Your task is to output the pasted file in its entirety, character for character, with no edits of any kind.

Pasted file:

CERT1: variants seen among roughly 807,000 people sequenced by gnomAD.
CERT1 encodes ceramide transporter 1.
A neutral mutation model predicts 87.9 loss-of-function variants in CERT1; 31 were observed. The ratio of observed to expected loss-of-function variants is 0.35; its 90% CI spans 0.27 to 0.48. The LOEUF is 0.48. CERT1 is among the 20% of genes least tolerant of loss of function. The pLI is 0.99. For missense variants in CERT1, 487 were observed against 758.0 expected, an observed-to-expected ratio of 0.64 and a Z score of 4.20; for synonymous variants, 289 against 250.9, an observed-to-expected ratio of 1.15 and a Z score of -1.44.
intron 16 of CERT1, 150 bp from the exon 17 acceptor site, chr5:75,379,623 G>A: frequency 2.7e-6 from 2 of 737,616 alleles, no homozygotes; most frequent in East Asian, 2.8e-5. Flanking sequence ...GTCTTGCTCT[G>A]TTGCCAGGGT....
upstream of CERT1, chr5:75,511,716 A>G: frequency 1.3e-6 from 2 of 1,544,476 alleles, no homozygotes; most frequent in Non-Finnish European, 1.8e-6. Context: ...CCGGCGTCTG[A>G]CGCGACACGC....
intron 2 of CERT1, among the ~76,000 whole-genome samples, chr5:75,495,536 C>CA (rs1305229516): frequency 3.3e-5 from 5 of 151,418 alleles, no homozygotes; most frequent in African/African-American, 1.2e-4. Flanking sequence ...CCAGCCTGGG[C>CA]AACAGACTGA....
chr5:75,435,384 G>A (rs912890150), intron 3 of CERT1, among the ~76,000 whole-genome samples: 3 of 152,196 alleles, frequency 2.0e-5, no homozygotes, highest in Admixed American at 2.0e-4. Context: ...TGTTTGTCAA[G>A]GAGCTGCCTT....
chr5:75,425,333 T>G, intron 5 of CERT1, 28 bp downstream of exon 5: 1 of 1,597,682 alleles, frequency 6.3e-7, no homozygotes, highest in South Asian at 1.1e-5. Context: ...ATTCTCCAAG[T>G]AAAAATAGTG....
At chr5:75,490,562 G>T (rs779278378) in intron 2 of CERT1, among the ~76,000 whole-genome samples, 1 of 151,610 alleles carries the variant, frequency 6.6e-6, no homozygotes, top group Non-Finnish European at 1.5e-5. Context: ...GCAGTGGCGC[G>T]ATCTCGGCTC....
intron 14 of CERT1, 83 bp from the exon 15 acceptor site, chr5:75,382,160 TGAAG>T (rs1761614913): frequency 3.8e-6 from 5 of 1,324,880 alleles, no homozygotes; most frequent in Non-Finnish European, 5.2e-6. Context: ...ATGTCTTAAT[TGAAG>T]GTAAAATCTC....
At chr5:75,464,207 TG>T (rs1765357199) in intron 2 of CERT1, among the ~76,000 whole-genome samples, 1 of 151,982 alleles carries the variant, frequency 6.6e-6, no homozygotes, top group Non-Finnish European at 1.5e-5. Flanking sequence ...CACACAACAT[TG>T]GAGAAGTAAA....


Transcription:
CERT1: variants seen among roughly 807,000 people sequenced by gnomAD.
CERT1 encodes ceramide transporter 1.
A neutral mutation model predicts 87.9 loss-of-function variants in CERT1; 31 were observed. The ratio of observed to expected loss-of-function variants is 0.35; its 90% CI spans 0.27 to 0.48. The LOEUF is 0.48. CERT1 is among the 20% of genes least tolerant of loss of function. The pLI is 0.99. For missense variants in CERT1, 487 were observed against 758.0 expected, an observed-to-expected ratio of 0.64 and a Z score of 4.20; for synonymous variants, 289 against 250.9, an observed-to-expected ratio of 1.15 and a Z score of -1.44.
intron 16 of CERT1, 150 bp from the exon 17 acceptor site, chr5:75,379,623 G>A: frequency 2.7e-6 from 2 of 737,616 alleles, no homozygotes; most frequent in East Asian, 2.8e-5. Flanking sequence ...GTCTTGCTCT[G>A]TTGCCAGGGT....
upstream of CERT1, chr5:75,511,716 A>G: frequency 1.3e-6 from 2 of 1,544,476 alleles, no homozygotes; most frequent in Non-Finnish European, 1.8e-6. Context: ...CCGGCGTCTG[A>G]CGCGACACGC....
intron 2 of CERT1, among the ~76,000 whole-genome samples, chr5:75,495,536 C>CA (rs1305229516): frequency 3.3e-5 from 5 of 151,418 alleles, no homozygotes; most frequent in African/African-American, 1.2e-4. Flanking sequence ...CCAGCCTGGG[C>CA]AACAGACTGA....
chr5:75,435,384 G>A (rs912890150), intron 3 of CERT1, among the ~76,000 whole-genome samples: 3 of 152,196 alleles, frequency 2.0e-5, no homozygotes, highest in Admixed American at 2.0e-4. Context: ...TGTTTGTCAA[G>A]GAGCTGCCTT....
chr5:75,425,333 T>G, intron 5 of CERT1, 28 bp downstream of exon 5: 1 of 1,597,682 alleles, frequency 6.3e-7, no homozygotes, highest in South Asian at 1.1e-5. Context: ...ATTCTCCAAG[T>G]AAAAATAGTG....
At chr5:75,490,562 G>T (rs779278378) in intron 2 of CERT1, among the ~76,000 whole-genome samples, 1 of 151,610 alleles carries the variant, frequency 6.6e-6, no homozygotes, top group Non-Finnish European at 1.5e-5. Context: ...GCAGTGGCGC[G>T]ATCTCGGCTC....
intron 14 of CERT1, 83 bp from the exon 15 acceptor site, chr5:75,382,160 TGAAG>T (rs1761614913): frequency 3.8e-6 from 5 of 1,324,880 alleles, no homozygotes; most frequent in Non-Finnish European, 5.2e-6. Context: ...ATGTCTTAAT[TGAAG>T]GTAAAATCTC....
At chr5:75,464,207 TG>T (rs1765357199) in intron 2 of CERT1, among the ~76,000 whole-genome samples, 1 of 151,982 alleles carries the variant, frequency 6.6e-6, no homozygotes, top group Non-Finnish European at 1.5e-5. Flanking sequence ...CACACAACAT[TG>T]GAGAAGTAAA....